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10) I’m not sure that I like this treatment as much as the original finish, but I hope it will grow on me. It feels less like a “fancy” pencil and more like a Work Horse pencil now. And, despite my few qualms, it should tell Comrades something that I have replaced the gold-stampled Palomino in my small pencil box with one of the HBs in my new set.

(These were not provided by Cal Cedar. Opinions expressed about this model and about this brand toward which many folks feel very strongly – one way or the other – are my own.)

A Note From Santa.

From Comrade Dan, in the Medfield Outpost, comes a letter from Santa to two adorable kids.
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And, it seems, Santa likes Palominos?!

Review of KUM Tip-Top Pop Pencil Cap & Sharpener.

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That’s a mouthful, but this is a tool that, as my brother Tom might say, “gets ‘er done.” This is, in short, a very inexpensive version of The Perfect Pencil. This baby leaves your pencil Perfectly Portable, with an eraser cap, extender and sharpener all in one. Honestly, I use mine as a point protector/sharpener for pocket carrying. But the eraser is pretty good, as we’ll see.

This baby gives you a very short point. To give it a fair shake and a good test, I murdered the point of a Palomino with my trusty mid-90s Leatherman. I considered taking a shot of whiskey or getting my wife to hold my hand while I did this. But I didn’t want to catch my hand in those jaws. I have a chip on one of my front teeth from tightening the screw on this thing in 1999. The things a Pencil Blogger must do!

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This item used to show up as the Scribble sharpener (see review here). I like this design better. The colors are a bit…bright. But the blue matches my favorite style of Palomino pretty well. They also come in green, yellow (more like gold) and pink and are available on Amazon, but I got mine at Pencils.com for $2.95. Alberto already reviewed this version, and Comrades should check out his review, which features much better photos than I have here.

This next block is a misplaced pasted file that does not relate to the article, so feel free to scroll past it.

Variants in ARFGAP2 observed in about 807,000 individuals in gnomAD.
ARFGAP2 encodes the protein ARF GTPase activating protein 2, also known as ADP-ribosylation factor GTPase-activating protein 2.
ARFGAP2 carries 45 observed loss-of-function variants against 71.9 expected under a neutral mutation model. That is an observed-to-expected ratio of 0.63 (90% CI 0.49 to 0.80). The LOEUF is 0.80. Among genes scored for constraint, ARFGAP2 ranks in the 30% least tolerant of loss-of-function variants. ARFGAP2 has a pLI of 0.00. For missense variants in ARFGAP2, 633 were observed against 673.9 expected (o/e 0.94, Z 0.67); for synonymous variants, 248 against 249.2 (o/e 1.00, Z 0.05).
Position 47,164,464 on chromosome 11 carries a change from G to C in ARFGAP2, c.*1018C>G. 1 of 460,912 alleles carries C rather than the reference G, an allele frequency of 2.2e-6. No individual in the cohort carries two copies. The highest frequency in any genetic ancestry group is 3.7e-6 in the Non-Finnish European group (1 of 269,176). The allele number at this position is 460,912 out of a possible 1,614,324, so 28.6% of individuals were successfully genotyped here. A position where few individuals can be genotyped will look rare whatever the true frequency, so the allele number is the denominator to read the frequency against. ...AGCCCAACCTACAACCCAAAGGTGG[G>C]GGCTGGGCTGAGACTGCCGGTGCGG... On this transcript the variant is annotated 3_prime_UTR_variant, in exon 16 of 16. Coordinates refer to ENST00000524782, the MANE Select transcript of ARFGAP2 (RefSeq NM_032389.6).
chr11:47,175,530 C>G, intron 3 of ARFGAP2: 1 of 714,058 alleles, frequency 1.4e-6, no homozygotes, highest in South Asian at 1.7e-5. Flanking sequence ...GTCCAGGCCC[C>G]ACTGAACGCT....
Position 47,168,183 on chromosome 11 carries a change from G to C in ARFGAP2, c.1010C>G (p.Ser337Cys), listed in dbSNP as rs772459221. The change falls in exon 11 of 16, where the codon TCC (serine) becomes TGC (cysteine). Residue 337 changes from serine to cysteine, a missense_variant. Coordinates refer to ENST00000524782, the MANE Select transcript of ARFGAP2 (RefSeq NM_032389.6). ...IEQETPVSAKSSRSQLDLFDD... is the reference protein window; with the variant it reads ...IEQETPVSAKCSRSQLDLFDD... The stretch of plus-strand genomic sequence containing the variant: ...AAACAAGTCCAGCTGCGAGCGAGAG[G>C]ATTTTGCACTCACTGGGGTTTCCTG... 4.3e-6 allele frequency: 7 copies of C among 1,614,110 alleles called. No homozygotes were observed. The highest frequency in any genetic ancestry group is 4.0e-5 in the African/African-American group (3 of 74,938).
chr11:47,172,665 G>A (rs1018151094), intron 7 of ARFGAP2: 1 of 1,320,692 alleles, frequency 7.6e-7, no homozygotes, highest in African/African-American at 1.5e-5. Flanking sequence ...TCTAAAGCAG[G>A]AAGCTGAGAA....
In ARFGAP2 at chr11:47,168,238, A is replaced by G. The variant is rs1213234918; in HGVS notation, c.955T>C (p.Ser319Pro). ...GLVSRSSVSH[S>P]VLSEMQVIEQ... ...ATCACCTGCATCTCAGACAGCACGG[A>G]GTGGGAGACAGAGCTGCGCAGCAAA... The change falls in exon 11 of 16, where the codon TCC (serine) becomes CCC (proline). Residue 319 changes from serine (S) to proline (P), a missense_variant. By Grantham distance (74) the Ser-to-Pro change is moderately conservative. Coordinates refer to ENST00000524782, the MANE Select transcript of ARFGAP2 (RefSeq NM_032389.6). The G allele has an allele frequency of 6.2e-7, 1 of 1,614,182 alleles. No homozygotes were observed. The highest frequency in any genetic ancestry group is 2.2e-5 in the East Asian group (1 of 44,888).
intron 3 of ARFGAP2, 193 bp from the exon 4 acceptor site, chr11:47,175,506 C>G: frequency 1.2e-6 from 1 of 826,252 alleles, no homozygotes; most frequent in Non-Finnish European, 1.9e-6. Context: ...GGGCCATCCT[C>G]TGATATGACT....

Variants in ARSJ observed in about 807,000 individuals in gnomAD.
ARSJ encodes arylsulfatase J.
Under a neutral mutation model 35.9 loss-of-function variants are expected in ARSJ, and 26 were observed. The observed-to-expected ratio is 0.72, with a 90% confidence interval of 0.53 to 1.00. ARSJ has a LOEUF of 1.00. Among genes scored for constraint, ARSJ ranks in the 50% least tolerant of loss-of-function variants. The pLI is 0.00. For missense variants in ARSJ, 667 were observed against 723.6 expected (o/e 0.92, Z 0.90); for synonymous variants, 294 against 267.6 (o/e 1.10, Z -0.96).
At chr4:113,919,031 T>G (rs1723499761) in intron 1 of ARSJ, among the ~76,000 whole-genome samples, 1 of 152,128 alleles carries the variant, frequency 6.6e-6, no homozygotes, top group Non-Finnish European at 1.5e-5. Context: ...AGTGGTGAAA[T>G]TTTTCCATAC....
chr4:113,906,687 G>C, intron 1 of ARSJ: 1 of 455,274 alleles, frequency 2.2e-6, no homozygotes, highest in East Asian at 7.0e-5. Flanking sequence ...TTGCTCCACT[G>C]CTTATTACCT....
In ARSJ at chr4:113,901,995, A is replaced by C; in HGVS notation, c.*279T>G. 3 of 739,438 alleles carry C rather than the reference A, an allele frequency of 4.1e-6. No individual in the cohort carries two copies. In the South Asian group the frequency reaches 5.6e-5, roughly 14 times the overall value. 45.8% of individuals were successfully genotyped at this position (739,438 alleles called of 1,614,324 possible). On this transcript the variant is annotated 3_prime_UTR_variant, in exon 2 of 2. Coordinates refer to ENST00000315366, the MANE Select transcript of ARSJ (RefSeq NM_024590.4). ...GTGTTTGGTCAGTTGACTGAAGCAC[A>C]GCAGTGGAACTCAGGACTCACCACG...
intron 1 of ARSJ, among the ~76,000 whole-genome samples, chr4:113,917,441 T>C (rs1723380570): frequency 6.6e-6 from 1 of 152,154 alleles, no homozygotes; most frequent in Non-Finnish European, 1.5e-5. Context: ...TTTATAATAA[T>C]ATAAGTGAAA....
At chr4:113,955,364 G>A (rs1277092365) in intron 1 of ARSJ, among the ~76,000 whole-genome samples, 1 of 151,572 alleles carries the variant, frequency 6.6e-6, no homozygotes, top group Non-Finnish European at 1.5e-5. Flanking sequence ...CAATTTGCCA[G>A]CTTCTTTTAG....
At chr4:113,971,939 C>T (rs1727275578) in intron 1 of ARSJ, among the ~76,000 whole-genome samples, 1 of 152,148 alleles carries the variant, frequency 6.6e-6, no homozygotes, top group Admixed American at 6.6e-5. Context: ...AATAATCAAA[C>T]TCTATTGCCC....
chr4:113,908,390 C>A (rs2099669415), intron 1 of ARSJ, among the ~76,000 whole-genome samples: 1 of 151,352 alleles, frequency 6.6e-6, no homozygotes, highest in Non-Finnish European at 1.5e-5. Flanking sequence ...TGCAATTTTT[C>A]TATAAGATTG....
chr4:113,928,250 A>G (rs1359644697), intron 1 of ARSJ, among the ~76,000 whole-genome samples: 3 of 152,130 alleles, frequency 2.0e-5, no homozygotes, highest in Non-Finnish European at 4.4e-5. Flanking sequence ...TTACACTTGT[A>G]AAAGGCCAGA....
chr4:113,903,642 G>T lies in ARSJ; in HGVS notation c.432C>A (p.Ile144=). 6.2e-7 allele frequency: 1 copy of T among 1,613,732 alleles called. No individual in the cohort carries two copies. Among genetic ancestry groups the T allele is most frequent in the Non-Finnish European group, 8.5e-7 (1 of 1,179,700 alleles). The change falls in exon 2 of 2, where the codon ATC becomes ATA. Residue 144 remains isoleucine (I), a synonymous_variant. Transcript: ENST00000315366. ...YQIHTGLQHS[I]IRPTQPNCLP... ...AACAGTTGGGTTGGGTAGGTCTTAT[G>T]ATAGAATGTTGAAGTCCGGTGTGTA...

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The cap houses a pencil sharpener than pulls out of the top end. One could sharpener the pencil with the sharpener in place, in the cap. But I don’t think it would hold more than one sharpening’s worth of shavings. I remove the sharpener to use it, though it is a little difficult to find a place to grip it that way. The blade is screwed in, but I suspect this is a sharpener whose blade will prove difficult to find replacements for. I tell myself that this item will get smashed or lost before I dull the blade, so long as I only use it on the go. Since I usually sharpener my pocket pencil before leaving my house, this might be the case. Anyway, the sharpener fits nicely into the cap, and the plug hits home and stays there.

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In use, the cap fits very tightly onto most pencils. I have held the following pencils with success:

All current Blackwings
Palomino Blue
Faber-Castell Castell 9000
Staedtler Mars
Staedtler Wopex

Without success (pencil was too thin):

Dixon Ticonderoga (several versions) Edit: I fitted a Dixon Black by pushing it in pretty fare. There’s a little play, though, and the point hits the sharpener in the cap.
Faber-Castell Grip 2001